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Running a Business with Lyme Disease
I’m finally home on the farm.
I spent nearly two weeks in Colorado working and catching up with loved ones. I was dreading the trip because I’d just had a Lyme relapse and knew I was pushing my body. But I haven’t gotten the business set up here in North Carolina. I needed the income and needed to be with my friends.
The trip over was fine I suppose. I should have snagged the emergency row so I could move my legs more. Lyme is notorious for nerve and joint pain. By the end of the trip it was difficult to walk. My big problems started after I got my luggage. My instructions were to go to the kiosk in the airport to get my rental car info. They were empty. I called and was told to go the waiting area outside and wait for my rental company’s shuttle.
I feel it’s important to clarify something here. I don’t LOOK sick.
Many people say I’m glowing or I look pretty. Because I don’t look sick, when I ask for help lifting suitcases or opening doors, people treat me funny. Sometimes I wish I had a sticker on my forehead that says, “I’m not lazy – I have an immune disorder! Please help me!”
Every single thing I lift or carry will take a toll on me.
I may not see the implications of it right away but it WILL happen. My friends and family are in the practice of NOT letting me lift things. And even my pride doesn’t stop me from being relieved because I’m truly that exhausted all the time.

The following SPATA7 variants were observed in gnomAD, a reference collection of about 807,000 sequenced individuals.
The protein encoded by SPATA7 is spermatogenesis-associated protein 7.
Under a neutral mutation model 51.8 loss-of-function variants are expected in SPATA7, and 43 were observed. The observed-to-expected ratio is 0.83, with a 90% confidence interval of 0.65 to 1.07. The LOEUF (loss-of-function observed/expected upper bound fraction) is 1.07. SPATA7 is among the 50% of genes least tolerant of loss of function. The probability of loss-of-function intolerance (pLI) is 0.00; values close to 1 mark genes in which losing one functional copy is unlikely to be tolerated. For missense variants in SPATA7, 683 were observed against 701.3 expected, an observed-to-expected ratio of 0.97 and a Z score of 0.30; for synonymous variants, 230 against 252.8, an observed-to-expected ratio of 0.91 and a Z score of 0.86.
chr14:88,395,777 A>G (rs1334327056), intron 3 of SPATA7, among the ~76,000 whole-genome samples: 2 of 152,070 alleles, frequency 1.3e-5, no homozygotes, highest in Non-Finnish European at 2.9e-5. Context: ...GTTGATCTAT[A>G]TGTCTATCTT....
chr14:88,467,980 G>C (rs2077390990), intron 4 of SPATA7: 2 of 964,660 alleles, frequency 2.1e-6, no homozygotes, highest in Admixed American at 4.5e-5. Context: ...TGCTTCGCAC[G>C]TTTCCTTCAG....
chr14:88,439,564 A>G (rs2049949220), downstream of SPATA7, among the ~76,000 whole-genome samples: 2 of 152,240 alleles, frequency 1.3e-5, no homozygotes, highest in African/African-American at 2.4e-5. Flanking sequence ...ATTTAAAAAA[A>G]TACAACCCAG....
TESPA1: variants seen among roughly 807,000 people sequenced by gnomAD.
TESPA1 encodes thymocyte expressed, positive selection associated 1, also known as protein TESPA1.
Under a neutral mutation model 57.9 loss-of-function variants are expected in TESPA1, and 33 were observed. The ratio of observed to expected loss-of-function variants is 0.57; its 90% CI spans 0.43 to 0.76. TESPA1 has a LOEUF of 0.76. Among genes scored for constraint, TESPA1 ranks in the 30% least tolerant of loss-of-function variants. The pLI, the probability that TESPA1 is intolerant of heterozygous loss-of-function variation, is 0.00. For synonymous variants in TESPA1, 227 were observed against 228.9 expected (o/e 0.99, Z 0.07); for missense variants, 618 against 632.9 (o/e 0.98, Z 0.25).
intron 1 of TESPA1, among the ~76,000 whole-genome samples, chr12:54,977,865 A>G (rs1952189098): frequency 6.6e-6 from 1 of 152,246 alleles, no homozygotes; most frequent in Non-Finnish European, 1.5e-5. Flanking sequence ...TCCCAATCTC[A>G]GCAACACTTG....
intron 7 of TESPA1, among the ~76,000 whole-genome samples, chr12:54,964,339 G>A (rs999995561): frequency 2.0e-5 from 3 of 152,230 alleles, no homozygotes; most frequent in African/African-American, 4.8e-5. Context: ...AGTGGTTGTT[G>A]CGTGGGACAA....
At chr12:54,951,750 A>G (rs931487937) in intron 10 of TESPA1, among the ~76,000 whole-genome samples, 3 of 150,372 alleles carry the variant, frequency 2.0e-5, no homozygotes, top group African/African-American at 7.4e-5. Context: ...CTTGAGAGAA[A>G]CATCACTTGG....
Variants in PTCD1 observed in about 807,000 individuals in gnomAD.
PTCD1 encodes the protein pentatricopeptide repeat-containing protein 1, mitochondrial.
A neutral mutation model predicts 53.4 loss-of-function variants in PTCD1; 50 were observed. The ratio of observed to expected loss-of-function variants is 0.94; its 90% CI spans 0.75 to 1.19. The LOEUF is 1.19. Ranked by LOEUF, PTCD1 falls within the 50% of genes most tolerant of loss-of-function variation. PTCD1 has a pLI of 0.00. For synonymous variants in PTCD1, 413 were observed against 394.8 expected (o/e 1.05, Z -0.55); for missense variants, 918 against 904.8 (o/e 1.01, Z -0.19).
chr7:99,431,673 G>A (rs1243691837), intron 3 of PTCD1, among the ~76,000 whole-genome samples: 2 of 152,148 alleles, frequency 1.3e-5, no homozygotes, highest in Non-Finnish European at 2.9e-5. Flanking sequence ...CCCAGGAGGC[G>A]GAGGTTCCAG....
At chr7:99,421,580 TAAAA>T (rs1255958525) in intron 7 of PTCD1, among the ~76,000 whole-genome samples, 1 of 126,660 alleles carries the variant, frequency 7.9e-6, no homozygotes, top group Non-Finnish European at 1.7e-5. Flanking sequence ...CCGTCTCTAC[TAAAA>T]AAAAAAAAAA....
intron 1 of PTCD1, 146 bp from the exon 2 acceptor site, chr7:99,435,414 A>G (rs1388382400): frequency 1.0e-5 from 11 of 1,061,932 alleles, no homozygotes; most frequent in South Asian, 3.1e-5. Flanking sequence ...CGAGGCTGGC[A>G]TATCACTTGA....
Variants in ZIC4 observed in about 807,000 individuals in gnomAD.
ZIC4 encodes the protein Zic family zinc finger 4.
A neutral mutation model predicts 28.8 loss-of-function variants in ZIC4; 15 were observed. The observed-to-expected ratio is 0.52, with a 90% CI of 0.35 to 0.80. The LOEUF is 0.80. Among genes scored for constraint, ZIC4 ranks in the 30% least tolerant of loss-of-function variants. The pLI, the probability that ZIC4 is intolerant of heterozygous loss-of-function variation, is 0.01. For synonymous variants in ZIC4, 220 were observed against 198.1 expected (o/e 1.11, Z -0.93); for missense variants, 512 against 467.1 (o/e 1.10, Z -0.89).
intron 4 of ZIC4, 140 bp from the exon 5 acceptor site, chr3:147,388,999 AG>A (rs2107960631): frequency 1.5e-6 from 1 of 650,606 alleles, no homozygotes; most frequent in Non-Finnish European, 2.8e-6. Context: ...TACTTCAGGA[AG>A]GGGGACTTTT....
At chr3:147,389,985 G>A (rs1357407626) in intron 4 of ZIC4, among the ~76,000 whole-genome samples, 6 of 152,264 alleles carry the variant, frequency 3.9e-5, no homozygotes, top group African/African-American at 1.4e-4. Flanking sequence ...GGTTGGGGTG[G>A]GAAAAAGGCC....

The shuttle driver got my suitcases loaded. He unloaded. But then at the rental car place not a soul would help. Two women even stood in front of the door gabbing. When I said excuse me they complimented my skirt but did not offer to open the door. So I trucked the suitcases in, one at a time, signed my paperwork and got them in the trunk of the not-so-sexy Dodge Caravan myself.
I don’t know if you realize how much pain and fatigue I fight daily. I feel weak because of it. When I finally got in the driver’s seat I was so worn out and in pain I cried for a few minutes.
Then, because I’m running a business with Lyme Disease, I did what I always do: I pushed myself. And got myself home to my BFF Jenna’s house.
Working that much while traveling was harder than I thought it would be.
I had a migraine every single night. I woke up in pain every morning. I was nauseous and I struggled to drive. After one shoot I had tremors in my hands and sat in Chik Fil A looking like a freak who couldn’t feed herself. My trembling hand couldn’t quite reach my mouth.
While I am proud I made it through and produced good work, I’ve had to take an honest look at my body and put some very exciting dreams on hold. I was going to travel to Florida and Singapore in the next few months. I am forced to face the fact that those trips can’t possibly happen unless I hire an assistant to fly with me and help with every aspect of travel and work. I have one person who is perfect, but she runs two businesses and I can’t ask her to leave them alone so long.
So with a broken heart, I’m telling myself that when the time is right I’ll be able to grow my business the way I dream.
I’m so tired of sitting at home and watching other photographers travel and grow. But it’s not my time. There must be a reason. My dream is on hold because of Lyme Disease. Taking care of myself is the only part I have control over.
Iman Woods is an American artist who specializes in pin-up photography. Through a unique and therapeutic process, she’s spent over a decade in perfecting, Iman helps women undo the damage from a negative self-image and unrealistic beauty industry expectations. She helps women embrace their own style of beauty and see themselves in a new light. You can find her on her website, ImanWoods[dot]com.
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